Recently, a member of the Hep Forum posted that after nearly three years since his successful hepatitis C treatment, the virus is back. It was shocking. This had to be a mistake. And although the member and his physician are sorting this out, this experience showed once again how amazing hepatitis C support groups are.
Science tells us that support groups work. You can read more about this in my general blog at www.LucindaPorterRN.com. We know that support groups help people with grief, health, disease, divorce, addiction, and so on.
In this blog, I want to go further, and discuss some unmeasured, intangible benefits that I noticed while reading the post about this member who tested positive for hepatitis C virus (HCV RNA). It was a powerful experience for me and underscored the reasons why I stress the value of support groups, especially for hepatitis C.
I’ll start by saying that the Hep Forum member still doesn’t have all the information yet in order to know how it is that he has hepatitis C after having a sustained virologic response 12 weeks after treatment ended (SVR-12). That’s something he and his medical provider will sort out. But here is what we know as a group of Forum users: we pooled our collective experience and gave him valuable information to take to his medical visit.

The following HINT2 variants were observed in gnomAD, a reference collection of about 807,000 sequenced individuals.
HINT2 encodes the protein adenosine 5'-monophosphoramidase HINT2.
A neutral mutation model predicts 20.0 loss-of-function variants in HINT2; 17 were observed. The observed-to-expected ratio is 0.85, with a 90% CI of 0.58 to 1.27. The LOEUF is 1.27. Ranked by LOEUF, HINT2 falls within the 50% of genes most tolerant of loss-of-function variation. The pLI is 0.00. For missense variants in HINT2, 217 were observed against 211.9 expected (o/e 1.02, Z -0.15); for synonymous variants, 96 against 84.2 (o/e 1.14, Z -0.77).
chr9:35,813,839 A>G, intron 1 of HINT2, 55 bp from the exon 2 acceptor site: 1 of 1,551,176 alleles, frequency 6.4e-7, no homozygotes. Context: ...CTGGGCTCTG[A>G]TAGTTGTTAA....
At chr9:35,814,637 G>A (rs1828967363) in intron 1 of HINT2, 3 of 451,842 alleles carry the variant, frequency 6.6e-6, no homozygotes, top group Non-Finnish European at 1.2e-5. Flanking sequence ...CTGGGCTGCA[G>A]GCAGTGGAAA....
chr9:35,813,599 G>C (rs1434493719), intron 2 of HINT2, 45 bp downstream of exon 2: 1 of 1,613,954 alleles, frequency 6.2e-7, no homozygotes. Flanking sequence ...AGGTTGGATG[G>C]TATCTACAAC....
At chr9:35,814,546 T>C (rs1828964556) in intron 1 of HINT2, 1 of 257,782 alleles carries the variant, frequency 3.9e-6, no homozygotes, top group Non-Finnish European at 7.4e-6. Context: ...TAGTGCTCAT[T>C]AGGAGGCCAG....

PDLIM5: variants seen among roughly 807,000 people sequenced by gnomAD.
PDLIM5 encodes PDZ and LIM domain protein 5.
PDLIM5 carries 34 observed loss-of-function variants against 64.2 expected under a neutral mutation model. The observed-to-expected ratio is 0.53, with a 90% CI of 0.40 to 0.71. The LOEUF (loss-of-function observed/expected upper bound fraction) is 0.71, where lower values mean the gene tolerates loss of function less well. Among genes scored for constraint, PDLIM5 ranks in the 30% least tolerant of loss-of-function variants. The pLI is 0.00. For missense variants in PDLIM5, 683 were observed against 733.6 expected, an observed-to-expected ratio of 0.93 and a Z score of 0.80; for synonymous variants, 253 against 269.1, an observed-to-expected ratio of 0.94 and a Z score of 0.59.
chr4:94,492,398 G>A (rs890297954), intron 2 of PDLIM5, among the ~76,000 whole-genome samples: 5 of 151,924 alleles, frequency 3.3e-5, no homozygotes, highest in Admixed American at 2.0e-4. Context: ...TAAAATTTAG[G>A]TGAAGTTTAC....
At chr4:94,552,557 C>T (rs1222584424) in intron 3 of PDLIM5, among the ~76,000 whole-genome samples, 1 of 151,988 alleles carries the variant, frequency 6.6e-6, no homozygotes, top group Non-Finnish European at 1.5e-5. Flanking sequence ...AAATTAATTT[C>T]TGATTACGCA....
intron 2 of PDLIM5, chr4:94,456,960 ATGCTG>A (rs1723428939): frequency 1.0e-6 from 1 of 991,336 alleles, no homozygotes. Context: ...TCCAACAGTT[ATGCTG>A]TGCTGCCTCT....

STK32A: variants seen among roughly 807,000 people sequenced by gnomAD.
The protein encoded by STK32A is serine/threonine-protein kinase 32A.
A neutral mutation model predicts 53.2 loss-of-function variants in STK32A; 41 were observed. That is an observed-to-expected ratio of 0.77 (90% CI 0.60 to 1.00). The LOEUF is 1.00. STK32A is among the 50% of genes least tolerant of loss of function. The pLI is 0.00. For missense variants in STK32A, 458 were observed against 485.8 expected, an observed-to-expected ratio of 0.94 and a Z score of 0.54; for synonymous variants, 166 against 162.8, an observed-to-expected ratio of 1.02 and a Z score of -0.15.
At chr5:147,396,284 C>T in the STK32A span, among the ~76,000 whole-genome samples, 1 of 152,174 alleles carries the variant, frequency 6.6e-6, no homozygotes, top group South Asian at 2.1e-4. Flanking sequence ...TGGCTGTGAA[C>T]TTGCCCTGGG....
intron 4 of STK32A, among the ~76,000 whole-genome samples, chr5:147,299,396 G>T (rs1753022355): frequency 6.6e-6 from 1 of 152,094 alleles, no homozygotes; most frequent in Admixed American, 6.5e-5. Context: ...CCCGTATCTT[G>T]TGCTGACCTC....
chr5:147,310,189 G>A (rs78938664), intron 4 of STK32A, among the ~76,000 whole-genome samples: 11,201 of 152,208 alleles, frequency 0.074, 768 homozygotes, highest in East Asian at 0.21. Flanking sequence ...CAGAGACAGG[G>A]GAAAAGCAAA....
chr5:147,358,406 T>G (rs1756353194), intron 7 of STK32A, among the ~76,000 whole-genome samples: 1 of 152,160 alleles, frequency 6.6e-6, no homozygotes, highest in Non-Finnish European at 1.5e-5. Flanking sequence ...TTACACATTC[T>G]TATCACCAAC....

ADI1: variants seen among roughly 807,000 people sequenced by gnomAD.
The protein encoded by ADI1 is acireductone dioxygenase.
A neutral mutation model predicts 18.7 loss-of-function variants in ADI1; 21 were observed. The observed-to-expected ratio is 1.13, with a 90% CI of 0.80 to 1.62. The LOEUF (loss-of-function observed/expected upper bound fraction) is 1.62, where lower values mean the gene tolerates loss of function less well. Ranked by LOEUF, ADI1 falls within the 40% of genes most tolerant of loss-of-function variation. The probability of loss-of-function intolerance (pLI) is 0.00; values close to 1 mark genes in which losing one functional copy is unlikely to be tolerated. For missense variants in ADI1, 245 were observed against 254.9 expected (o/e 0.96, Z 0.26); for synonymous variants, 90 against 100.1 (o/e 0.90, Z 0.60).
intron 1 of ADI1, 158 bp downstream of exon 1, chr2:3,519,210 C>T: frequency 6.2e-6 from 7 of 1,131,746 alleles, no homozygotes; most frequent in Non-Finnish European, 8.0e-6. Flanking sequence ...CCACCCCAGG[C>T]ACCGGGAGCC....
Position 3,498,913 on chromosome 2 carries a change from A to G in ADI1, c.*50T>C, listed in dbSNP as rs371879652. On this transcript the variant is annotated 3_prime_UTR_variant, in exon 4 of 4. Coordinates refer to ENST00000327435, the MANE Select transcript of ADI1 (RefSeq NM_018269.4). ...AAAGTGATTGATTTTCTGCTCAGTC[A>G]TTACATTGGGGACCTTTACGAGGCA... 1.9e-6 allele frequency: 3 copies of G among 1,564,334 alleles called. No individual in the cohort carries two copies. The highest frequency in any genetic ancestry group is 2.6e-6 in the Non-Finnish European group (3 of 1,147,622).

Here is what else we gave him: support, compassion, and hope. These are not small ideas; these are the stuff that help us get up in the morning.
But the giving was not by any means one-way. I felt like I received more than I gave. I am eternally humbled by the courage it takes to be in a support group. It means being vulnerable, and who the heck wants to do that? I don’t like to be vulnerable, but when I do, my pain is usually transformed. It’s paradoxical – there is great strength to be found in our weakest moments.
Starting a support group was the first thing I did to try to change the way we were dealing (or not dealing with) hepatitis C in the United States. That was more than 20 years ago. And although I’ve been free of hep C for 5 years, I have never stopped participating in a support group. I believe that when we join with others, we defy stigma, we challenge the status quo, and eventually the power this virus has over us begins to loosen its grip.
This recent experience revealed another benefit. When I participate in the Hep Forum, and in this case in particular, I feel like the world works how it is supposed to. It’s not the world of the news; it is the real world. A place where people are kind and funny and don’t shoot the wounded. It’s not always perfect, but it knows how to right itself.
I don’t post as much anymore on the Forum. These days, most of what other members have to say is better than what I can contribute. But I stay close so I never forget what it was like. Also, I get a contact high from the love that’s shared there. It’s odd to care about people who I’ve never met, but that happens to many of us. And in that process, the caring lifts me up, carrying me far beyond the cyber world, and in to my daily life. That’s a good deal.